For a video (because why re-invent the wheel, or loom, as it were?), look at Liz Gipson’s Slots and Holes DVD, which I think it will help a lot.

 

Ask Nancy: Spinning Solutions

Nancy & Barry Schacht in the Woolery Booth at Convergence 2016

Nancy with Barry Schacht in the Woolery Booth at Convergence 2016

Got weaving problems? Stumped by your spinning? Our resident expert Nancy Reid will answer all of your burning questions in this new regular feature! Previously only available on our newsletter, we are moving Nancy’s informative column over to the Woolery blog for easy reference. In this month’s edition, we are sharing a few questions about fiber prep; to ask your own question, email weavernancy@woolery.com or click here to post your questions in our Ravelry group

All the Best,

Wave, Perri, and the entire Woolery Team

Q:

AshfordKiwi2I am new to spinning and in the market to buy a wheel.  Trying to choose a wheel is challenging as I have been reading and learning what characteristics are important.  

My confusion is with ratios: looking at the Ashford Kiwi 2, it says it has 5.5 and 7.25, which, if I understand this correctly, makes it a slow wheel that is good for spinning coarser wool. I would like to spin a variety of wool, but also alpaca-especially since I was given 2 processed fleece. Will this ratio work for alpaca?  Will I need to adapt the wheel or get additional kits for the Kiwi 2? Are there other wheels I should look at with a broader ratio?

A:

You are correct that the Kiwi 2 is a slow wheel, but there are ways to speed it up; we recommend the Kiwi Hi-Speed Kit, found here. As a beginning spinner, you need to balance the ability to go slowly enough that you can actually learn on it with the scope to take you past the first month and on into the rest of your spinning life; the Kiwi speed kit will certainly help with that.

Slower speeds are not precisely for spinning coarser wools, but rather for fatter yarns. The fiber is immaterial – it’s the diameter of the yarn that is affected by ratio. Skinnier yarns take more twist to keep them together than fat yarns do; given a steady treadling pace and a consistent drafting rate, you’ll need more twist to make a thin, sound yarn, and so will need a faster rate in order to keep making yarn at the same rate.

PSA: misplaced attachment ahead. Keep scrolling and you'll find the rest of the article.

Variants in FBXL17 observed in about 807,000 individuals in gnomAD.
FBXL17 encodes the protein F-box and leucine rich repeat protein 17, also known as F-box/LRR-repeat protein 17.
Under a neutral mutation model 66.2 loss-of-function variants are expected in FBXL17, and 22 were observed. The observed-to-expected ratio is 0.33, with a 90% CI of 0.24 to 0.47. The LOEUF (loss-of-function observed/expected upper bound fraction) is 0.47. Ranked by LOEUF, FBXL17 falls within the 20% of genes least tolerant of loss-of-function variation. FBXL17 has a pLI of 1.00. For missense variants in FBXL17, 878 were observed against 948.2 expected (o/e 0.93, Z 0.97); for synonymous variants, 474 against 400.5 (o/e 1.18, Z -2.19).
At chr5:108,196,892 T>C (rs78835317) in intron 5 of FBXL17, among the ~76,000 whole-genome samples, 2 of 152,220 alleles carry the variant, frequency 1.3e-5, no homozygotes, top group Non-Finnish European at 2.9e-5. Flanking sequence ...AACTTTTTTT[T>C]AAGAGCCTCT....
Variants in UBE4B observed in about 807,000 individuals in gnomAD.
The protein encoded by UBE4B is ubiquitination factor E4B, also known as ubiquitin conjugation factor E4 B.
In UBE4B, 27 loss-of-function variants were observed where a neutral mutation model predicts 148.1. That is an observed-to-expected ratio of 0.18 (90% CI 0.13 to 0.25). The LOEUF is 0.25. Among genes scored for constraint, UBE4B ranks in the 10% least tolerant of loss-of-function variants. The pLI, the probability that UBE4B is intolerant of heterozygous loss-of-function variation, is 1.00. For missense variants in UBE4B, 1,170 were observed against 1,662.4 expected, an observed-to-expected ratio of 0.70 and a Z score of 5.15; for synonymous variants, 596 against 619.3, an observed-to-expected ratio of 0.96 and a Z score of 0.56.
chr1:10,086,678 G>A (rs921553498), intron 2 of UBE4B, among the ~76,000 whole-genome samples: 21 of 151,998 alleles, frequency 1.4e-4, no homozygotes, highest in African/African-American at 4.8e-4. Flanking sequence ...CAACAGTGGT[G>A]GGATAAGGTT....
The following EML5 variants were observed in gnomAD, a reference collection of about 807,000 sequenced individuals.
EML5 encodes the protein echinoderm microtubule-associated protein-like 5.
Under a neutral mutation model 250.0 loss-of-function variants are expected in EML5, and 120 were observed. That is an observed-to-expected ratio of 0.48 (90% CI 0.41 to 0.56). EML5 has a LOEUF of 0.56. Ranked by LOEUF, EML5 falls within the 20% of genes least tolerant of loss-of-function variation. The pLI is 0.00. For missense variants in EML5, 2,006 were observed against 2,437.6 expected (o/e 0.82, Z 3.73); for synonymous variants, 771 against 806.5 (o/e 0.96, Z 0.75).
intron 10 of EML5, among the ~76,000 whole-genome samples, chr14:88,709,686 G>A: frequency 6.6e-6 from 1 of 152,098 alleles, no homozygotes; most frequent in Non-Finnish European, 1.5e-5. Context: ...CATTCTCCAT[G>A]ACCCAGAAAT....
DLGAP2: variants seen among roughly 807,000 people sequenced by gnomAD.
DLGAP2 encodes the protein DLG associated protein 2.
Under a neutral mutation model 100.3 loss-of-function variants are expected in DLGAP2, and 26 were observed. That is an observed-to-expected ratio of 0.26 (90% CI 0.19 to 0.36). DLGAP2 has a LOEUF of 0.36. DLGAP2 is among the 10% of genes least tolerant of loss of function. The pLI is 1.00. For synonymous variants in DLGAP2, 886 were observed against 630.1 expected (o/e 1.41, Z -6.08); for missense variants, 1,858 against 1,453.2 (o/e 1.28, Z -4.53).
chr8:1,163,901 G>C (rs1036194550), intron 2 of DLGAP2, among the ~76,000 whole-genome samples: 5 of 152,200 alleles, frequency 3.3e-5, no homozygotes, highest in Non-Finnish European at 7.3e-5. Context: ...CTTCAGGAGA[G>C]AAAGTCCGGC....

ladybugAlpaca, because of its warmth, is usually spun finer than wool (otherwise, it’s unbearably hot); so it is spun at a faster speed in order to keep consistent body mechanics, i.e. drafting rate and treadling rate.

There are many wheels with a broader scope than the Kiwi which also have the ability to slow down enough to be able to learn on them; the Lendrum Original is one of those. The Ashford Traditional and Traveller are also nice wheels with a lot of scope, as is the Schacht Ladybug. The Kromski Interlude and Sonata are possibilities, too. In general, the thing to do is to sit and treadle all the wheels that you are thinking about; the one whose action you fall in love with is the one to buy, whether you can spin on it yet or not.

Q: 

I have been spinning for about a year, and I am trying to teach myself supported long draw. The problem is that when I try to get started, the yarn feed onto the bobbin will separate from my leader or it will grab a large amount of fiber, creating large thick spots. What am I doing wrong?

A:

There are a couple of issues here; we’ll address them one at a time. For starters, with your leader, there are two ways to get past that:

  1. Tie a loop into the end of your leader, and if you put the end of your spinning fiber through a loop, it will usually be easier to get started.  
  2. Go ahead and spin worsted for a few inches rather than starting right in with a long draw, or just hold and accumulate a lot more twist before releasing the pinch to allow twist in to the drafted fiber.  

SpinnersToolboxRemember that a supported long draw lets in twist gradually from the hand in front repeatedly releasing the pinch to allow more twist in, and then pinching again so that you still have the ability to draft out your slubs (before too much twist gets added in); it’s a delicate back-and-forth. You may also have a little better control if you don’t run your arm out too far at the beginning, but go out gradually in steps as the twist is added.

Lastly, the key to a uniform yarn is as perfect a prep as possible; you can’t get nice slub-free yarn from a funky prep, and there’s no substitute for a consistent rolag.

In writing this, I realize that long-draw is a tough thing to verbalize; one of those cases where a picture (especially a video!) is worth a great many words. If you get a chance, Judith Mackenzie’s A Spinner’s Toolbox DVD is a good reference.